The simplest thing journalists can do is to tell the whole story. When you’re covering society, do you only cover the pathology? Or do you also look at responses and efforts to solve problems, which are quite abundant in most areas? We’ve rarely come across issues that you can’t report through a solutions lens. And when you do that, people might say, “Oh, wow, we have a really big problem with gun violence in our country. And look, there’s also about 300 different things that communities are trying to do to reduce gun violence.” You could get fatalistic and say, “Well, none of that seems to make a difference to Congress.” Or you can say, “But boy, there are a lot of communities that actually are safer today than they were five years ago, so let’s look at what happened there.” So you can give people information that enables them to engage and have a sense of control, efficacy, and curiosity.

Because people really do want to build a better world. It’s a very strong human impulse to have control over your life and over your community, and, in a way, be able to shape things with your aspirations. If journalists don’t give people news that strengthens their ability to be effective and compassionate citizens, people won’t consume it very much.

NationSwell: As local newsrooms shrink, are you worried about the sustainability of solutions journalism?

Bornstein: No, I’m actually worried if local newsrooms don’t start providing their communities with news they really value and are willing to pay for, those local newsrooms may go out of business. I think the number one thing news organizations have to do today to become more economically viable is to change the product, you know?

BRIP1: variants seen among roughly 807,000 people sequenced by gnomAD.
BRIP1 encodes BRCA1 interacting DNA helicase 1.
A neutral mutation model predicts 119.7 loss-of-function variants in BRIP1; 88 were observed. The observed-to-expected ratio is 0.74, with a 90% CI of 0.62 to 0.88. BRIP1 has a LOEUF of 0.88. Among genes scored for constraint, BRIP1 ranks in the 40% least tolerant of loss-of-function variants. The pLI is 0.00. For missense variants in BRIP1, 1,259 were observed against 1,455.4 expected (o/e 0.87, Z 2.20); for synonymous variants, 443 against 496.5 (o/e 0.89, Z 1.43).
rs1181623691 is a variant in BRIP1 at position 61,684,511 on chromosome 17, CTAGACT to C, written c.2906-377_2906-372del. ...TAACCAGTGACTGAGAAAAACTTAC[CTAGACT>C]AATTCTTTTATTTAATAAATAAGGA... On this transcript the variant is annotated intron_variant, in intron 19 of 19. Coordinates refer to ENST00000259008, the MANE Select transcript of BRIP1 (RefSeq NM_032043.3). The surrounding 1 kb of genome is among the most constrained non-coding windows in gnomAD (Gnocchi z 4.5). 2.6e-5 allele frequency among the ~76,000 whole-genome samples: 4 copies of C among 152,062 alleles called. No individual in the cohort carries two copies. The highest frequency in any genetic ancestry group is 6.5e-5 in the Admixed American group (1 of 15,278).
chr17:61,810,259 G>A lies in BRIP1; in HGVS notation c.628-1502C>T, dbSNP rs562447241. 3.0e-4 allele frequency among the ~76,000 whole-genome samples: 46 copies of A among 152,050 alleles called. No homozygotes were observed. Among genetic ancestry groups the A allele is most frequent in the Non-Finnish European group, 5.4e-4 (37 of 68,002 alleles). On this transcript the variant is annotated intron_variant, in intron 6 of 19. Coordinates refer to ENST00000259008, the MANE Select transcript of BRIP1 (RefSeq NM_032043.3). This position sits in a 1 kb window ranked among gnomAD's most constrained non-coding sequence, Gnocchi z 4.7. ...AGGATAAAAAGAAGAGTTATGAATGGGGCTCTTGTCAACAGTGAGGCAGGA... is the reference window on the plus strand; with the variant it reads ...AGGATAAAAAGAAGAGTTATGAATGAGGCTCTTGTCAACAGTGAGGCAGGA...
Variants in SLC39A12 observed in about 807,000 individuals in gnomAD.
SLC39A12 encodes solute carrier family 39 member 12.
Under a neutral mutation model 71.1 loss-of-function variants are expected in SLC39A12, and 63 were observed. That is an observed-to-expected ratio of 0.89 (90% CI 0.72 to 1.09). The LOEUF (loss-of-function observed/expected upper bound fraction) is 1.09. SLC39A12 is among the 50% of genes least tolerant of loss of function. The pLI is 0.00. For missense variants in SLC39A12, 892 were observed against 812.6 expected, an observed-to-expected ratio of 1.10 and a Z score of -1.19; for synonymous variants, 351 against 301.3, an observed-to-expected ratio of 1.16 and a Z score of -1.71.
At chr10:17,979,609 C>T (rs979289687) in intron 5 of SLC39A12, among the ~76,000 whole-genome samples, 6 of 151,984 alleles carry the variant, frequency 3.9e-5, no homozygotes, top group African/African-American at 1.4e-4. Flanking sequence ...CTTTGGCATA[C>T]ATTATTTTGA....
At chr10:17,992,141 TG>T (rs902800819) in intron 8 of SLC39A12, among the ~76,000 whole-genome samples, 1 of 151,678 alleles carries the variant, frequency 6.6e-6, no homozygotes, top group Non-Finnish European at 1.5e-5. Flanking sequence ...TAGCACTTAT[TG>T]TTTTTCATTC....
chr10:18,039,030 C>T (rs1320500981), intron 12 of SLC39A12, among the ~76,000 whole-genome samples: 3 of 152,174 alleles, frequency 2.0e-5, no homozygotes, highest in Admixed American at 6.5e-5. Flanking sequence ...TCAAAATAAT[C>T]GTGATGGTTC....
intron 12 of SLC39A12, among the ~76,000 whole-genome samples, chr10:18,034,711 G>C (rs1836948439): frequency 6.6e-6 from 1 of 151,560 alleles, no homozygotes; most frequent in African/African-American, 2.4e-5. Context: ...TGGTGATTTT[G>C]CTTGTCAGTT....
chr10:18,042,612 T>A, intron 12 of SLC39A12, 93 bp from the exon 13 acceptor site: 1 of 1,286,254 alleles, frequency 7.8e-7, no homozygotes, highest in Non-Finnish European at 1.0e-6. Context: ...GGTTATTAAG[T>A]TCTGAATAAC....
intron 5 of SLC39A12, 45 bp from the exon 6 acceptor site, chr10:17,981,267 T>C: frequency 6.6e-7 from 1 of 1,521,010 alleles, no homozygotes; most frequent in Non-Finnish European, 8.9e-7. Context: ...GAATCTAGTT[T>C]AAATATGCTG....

In survey after survey, when people are asked, “How does the news land on you?” they say, “It makes me feel depressed, it makes me feel powerless, and I don’t know if I can trust it.” Which are the top three reasons that the Reuters Institute has said people are avoiding the news. So basically you have a product called news that in its normal consumption makes people feel depressed and powerless. And then the news organizations’ response is to say, “And gosh, you won’t even pay for it.”

But if the product, over time, gives people information that helps them to be more powerful and creative as citizens, they will buy it. Just like people pay a ton of money to go to college, and a ton of money sometimes to go to conferences. People pay for knowledge when that knowledge is really useful to them. Question is: Why won’t people pay for the news? They’re not considering it useful knowledge at some level where they would pay for it.